A recent 9th Circuit case legalized the selling of bone marrow, fueling interest, again, in expanding what body parts people can buy and sell. The sale of human eggs and sperm are already legal – what is next? Does the creation of a class of persons who generate income by sale (or rental) of their body parts represent advancement for humanity? ‘We don’t allow people to buy and sell human beings, that’s slavery,’ says Dr. Robert Klitzman, director of the bioethics program at Columbia University. ‘Should we allow people to buy and sell human body parts?'”
Lahl: You saw an ad in a local paper looking for African-American egg donors. The ad offered $6,000 for selling your eggs. Why did you decide to do this?
Shavonne:* The clinic stated that if my cycle completed, I would receive the total sum of $6,000. I thought it was a harmless way to make extra money, according to the minimal side effects that they presented during my orientation. I was 28 years old, and the money motivated me to do this.
Lahl: When you went to the clinic for the initial screening, you told me that you were one of the only young women there who asked a lot of questions about the risks and the procedure. How were your questions received?
Shavonne: I was surprised that no one else had any questions at all and that I was the only one asking questions. I think the clinic personnel felt a little annoyed with me, since I asked so many questions.
Lahl: After you had agreed to sell your eggs, the couple wanting your eggs changed their mind and no longer wanted your eggs. What did the clinic ask you?
Shavonne: They asked me if I’d be willing to donate my eggs to embryonic stem cell research, and I agreed to that because I didn’t mind them being used for that.
Lahl: So you went ahead with the egg donation procedure, and you had your eggs retrieved on Thanksgiving Day, 2006! Why that day? And tell me about how you were feeling at this time.
Shavonne: I took a drug called Follistim to super ovulate me. The retrieval went fine, but not too long after that my stomach started to swell, and every time I leaned over I could feel my ovaries “plop.” I went to see the doctor, and he told me I had OHSS, and he then said, “We see girls like you all the time.” I looked 4 months pregnant. They told me to go home and eat a lot of protein. My mother was staying with me at the time, and one night my stomach was so swollen and I could hardly breathe. My mother said, “That’s enough,” and took me to the emergency room. The nurse stuck a needle in my stomach, and it was a loud pop I could feel, like a balloon was popped. She stuck a bag on the end of the needle to drain the fluid, and the bag filled with 2 quarts in about 5 minutes. She had to quickly put another bag on and some of the fluid spilled on the floor. She filled the next bag too—in all, 4 quarts were drained out of my stomach. I stayed in the hospital for 2 1/2 more days while they drained more fluid. I had a lot of pain in my abdomen. The staff at the hospital would shake their head at me and took pity on me, because I was an egg donor and they said they saw this a lot.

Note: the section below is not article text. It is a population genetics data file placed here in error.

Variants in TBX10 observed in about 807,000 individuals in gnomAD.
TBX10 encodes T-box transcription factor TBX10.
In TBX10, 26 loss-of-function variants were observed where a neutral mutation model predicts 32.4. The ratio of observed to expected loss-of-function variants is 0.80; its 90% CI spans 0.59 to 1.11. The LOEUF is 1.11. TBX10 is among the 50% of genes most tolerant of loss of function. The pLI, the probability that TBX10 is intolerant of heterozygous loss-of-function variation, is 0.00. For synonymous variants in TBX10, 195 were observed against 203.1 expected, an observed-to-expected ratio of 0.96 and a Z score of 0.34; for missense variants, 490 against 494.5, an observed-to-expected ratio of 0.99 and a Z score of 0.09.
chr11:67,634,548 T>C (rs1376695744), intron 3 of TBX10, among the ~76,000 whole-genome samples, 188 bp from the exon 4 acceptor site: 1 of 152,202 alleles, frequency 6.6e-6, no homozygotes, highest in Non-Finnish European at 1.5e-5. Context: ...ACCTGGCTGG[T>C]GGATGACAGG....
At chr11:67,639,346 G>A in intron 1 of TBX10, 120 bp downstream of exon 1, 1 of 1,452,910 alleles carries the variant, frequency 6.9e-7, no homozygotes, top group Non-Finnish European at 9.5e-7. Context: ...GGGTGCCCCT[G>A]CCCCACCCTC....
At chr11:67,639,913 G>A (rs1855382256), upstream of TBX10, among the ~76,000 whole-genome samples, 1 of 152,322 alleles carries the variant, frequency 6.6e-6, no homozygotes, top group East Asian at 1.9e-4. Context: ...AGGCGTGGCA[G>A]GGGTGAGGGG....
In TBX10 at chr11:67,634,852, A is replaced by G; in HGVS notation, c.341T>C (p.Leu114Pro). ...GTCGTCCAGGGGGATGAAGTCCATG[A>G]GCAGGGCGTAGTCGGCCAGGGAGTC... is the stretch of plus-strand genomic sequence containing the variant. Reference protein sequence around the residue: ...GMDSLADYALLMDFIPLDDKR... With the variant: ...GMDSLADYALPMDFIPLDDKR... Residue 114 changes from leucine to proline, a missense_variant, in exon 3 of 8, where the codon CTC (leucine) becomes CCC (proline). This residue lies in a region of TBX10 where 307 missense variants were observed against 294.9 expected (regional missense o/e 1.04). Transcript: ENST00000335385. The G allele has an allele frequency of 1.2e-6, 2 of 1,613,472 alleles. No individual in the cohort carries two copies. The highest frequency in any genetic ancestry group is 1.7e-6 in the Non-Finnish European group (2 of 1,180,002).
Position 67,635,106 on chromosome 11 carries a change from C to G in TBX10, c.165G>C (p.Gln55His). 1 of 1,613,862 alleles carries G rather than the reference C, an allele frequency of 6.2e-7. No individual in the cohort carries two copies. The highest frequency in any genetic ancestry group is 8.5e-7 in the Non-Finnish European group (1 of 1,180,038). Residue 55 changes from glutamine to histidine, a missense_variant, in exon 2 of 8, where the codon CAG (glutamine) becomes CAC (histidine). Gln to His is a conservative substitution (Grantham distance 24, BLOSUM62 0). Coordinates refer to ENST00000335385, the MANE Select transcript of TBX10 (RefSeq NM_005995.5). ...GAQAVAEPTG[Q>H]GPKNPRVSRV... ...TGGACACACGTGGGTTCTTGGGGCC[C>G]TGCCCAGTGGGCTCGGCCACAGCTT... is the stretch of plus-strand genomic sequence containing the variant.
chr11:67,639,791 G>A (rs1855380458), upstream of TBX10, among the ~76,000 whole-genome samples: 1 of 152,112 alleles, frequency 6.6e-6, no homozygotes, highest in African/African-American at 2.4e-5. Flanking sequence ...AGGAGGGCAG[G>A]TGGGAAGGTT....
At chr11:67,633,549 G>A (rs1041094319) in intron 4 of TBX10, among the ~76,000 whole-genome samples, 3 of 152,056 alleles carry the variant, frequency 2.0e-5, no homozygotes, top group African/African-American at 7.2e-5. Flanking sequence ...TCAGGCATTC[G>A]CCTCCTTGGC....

Lahl: How are things for you now and how is your health?
Shavonne: It took a year and a half to clear up the medical bills. My menstrual cycles are few and far between. I was pregnant in 2008, but I lost the baby. I hope to have children some day, and every time I do have a period, I get really excited because I rarely have them anymore.
Lahl: You told me about your girlfriend, who donated her eggs to her sister, but her sister never used the eggs. Can you tell me any more of her story? Did she have the same health complications and end up in the hospital with OHSS, too?
Shavonne: Yes, she wants to tell you her story too, so please call her. Her sister never used the eggs and never offered to pay her medical bills after the OHSS. She had the exact same symptoms as I had, but the difference was, instead of admitting her to the hospital and draining the fluid, the doctors turned her away. She had to let the fluid naturally drain from her abdomen. She said that it took a few months to move around with ease and no pain. She also stated that she looked 4 months pregnant and had severe lower abdominal pain. She is currently unable to claim the eggs that she donated and was never compensated monetarily because of her relationship to the receiver. She also has had a miscarriage since her donor complication.
Lahl: You contacted my colleague, Dr. Jennifer Schneider, because you found her article written about her daughter’s death. Why did you want to tell your story?
Shavonne: I wanted to share my story because I am still confused and hurt by the situation. It was a helpless, humiliating experience for me, and I had a hard time finding any information regarding complications from OHSS on the Internet. I have read many stories regarding young women developing cancers and becoming infertile, and think that this information should be available to the public. Even after I asked the questions, in the back of my mind I kept thinking that I would be in that small percentage of women, and I was.
Lahl: What would you say to a young woman thinking about donating/selling her eggs?
Shavonne: I would tell these young women that the money is not worth the health risk. Should they proceed, I would explain the process and my story, and then tell them to do their own research.
Lahl: What do you hope will happen when others hear your story?
Shavonne: I hope that my story and all others will give these women a great depth and detail as to what really happens when you donate, and the causes and risks associated with the medication and procedure in general. My research had gaps in it because the stories of the complications were just not available.
*name changed to protect identity
This article first appeared as “Market Competition Collision: Eggs Needed for Research” in the online newsletter of the Center for Bioethics and Culture.